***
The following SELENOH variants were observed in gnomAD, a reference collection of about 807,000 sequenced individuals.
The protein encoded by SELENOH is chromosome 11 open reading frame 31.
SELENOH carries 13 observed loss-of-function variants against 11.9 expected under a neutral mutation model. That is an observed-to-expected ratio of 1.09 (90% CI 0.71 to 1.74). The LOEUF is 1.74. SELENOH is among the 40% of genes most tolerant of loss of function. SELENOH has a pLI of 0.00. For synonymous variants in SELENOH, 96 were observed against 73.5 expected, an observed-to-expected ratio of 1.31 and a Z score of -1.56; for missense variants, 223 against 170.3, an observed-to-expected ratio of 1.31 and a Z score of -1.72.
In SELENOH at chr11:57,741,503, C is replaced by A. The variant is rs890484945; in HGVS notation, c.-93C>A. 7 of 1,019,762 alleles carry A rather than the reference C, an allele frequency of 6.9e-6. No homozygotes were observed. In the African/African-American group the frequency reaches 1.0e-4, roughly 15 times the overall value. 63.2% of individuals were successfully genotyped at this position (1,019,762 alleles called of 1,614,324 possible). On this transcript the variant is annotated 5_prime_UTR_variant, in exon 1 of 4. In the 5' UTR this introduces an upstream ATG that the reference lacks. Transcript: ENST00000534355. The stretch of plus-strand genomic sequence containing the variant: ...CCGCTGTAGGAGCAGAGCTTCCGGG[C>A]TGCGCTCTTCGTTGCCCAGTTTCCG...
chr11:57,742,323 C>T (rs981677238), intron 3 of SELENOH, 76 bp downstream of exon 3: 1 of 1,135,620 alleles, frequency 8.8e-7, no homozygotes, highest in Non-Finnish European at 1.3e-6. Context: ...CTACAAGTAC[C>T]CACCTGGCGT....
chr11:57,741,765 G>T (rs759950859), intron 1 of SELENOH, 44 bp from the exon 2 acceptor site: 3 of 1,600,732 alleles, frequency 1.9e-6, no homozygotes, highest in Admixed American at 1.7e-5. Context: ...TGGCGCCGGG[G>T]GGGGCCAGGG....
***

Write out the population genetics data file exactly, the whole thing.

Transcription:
The following SELENOH variants were observed in gnomAD, a reference collection of about 807,000 sequenced individuals.
The protein encoded by SELENOH is chromosome 11 open reading frame 31.
SELENOH carries 13 observed loss-of-function variants against 11.9 expected under a neutral mutation model. That is an observed-to-expected ratio of 1.09 (90% CI 0.71 to 1.74). The LOEUF is 1.74. SELENOH is among the 40% of genes most tolerant of loss of function. SELENOH has a pLI of 0.00. For synonymous variants in SELENOH, 96 were observed against 73.5 expected, an observed-to-expected ratio of 1.31 and a Z score of -1.56; for missense variants, 223 against 170.3, an observed-to-expected ratio of 1.31 and a Z score of -1.72.
In SELENOH at chr11:57,741,503, C is replaced by A. The variant is rs890484945; in HGVS notation, c.-93C>A. 7 of 1,019,762 alleles carry A rather than the reference C, an allele frequency of 6.9e-6. No homozygotes were observed. In the African/African-American group the frequency reaches 1.0e-4, roughly 15 times the overall value. 63.2% of individuals were successfully genotyped at this position (1,019,762 alleles called of 1,614,324 possible). On this transcript the variant is annotated 5_prime_UTR_variant, in exon 1 of 4. In the 5' UTR this introduces an upstream ATG that the reference lacks. Transcript: ENST00000534355. The stretch of plus-strand genomic sequence containing the variant: ...CCGCTGTAGGAGCAGAGCTTCCGGG[C>A]TGCGCTCTTCGTTGCCCAGTTTCCG...
chr11:57,742,323 C>T (rs981677238), intron 3 of SELENOH, 76 bp downstream of exon 3: 1 of 1,135,620 alleles, frequency 8.8e-7, no homozygotes, highest in Non-Finnish European at 1.3e-6. Context: ...CTACAAGTAC[C>T]CACCTGGCGT....
chr11:57,741,765 G>T (rs759950859), intron 1 of SELENOH, 44 bp from the exon 2 acceptor site: 3 of 1,600,732 alleles, frequency 1.9e-6, no homozygotes, highest in Admixed American at 1.7e-5. Context: ...TGGCGCCGGG[G>T]GGGGCCAGGG....